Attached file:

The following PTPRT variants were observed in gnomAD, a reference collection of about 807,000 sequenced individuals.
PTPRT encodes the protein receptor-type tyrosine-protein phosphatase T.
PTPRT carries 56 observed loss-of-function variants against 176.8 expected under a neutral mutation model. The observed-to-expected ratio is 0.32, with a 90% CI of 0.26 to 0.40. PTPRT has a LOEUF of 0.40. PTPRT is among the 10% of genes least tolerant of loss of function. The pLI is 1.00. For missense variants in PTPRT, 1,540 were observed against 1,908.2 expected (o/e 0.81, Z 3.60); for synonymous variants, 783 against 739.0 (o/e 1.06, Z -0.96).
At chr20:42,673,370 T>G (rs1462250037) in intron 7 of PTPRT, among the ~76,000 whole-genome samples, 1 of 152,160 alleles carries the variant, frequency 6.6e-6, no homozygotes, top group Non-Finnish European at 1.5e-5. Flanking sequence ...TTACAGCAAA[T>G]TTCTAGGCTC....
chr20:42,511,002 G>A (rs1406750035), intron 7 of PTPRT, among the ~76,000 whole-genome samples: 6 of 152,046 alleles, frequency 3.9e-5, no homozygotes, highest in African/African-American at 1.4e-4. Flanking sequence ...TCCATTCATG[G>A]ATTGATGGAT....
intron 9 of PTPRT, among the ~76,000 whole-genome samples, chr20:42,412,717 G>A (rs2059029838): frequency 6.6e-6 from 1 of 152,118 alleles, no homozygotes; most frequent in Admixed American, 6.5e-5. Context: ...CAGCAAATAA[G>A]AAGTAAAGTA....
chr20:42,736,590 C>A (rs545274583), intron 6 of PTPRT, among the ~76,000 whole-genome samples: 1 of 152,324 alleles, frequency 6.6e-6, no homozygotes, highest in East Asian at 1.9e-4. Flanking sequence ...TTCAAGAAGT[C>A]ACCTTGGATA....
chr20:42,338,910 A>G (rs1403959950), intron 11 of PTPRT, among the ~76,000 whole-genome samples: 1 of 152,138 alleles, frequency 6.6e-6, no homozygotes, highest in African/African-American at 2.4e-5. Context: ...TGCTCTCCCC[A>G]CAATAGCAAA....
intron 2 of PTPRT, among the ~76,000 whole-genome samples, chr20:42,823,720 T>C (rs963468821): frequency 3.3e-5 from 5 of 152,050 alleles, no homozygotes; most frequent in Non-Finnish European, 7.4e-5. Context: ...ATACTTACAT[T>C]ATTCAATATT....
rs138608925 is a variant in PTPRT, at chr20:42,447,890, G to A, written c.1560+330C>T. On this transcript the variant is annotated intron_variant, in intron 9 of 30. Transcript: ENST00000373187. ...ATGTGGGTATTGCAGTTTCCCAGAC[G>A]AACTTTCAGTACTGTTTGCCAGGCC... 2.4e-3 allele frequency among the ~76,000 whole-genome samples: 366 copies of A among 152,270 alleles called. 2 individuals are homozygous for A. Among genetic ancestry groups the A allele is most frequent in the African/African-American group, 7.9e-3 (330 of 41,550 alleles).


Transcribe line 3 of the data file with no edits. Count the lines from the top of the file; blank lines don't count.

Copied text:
PTPRT carries 56 observed loss-of-function variants against 176.8 expected under a neutral mutation model. The observed-to-expected ratio is 0.32, with a 90% CI of 0.26 to 0.40. PTPRT has a LOEUF of 0.40. PTPRT is among the 10% of genes least tolerant of loss of function. The pLI is 1.00. For missense variants in PTPRT, 1,540 were observed against 1,908.2 expected (o/e 0.81, Z 3.60); for synonymous variants, 783 against 739.0 (o/e 1.06, Z -0.96).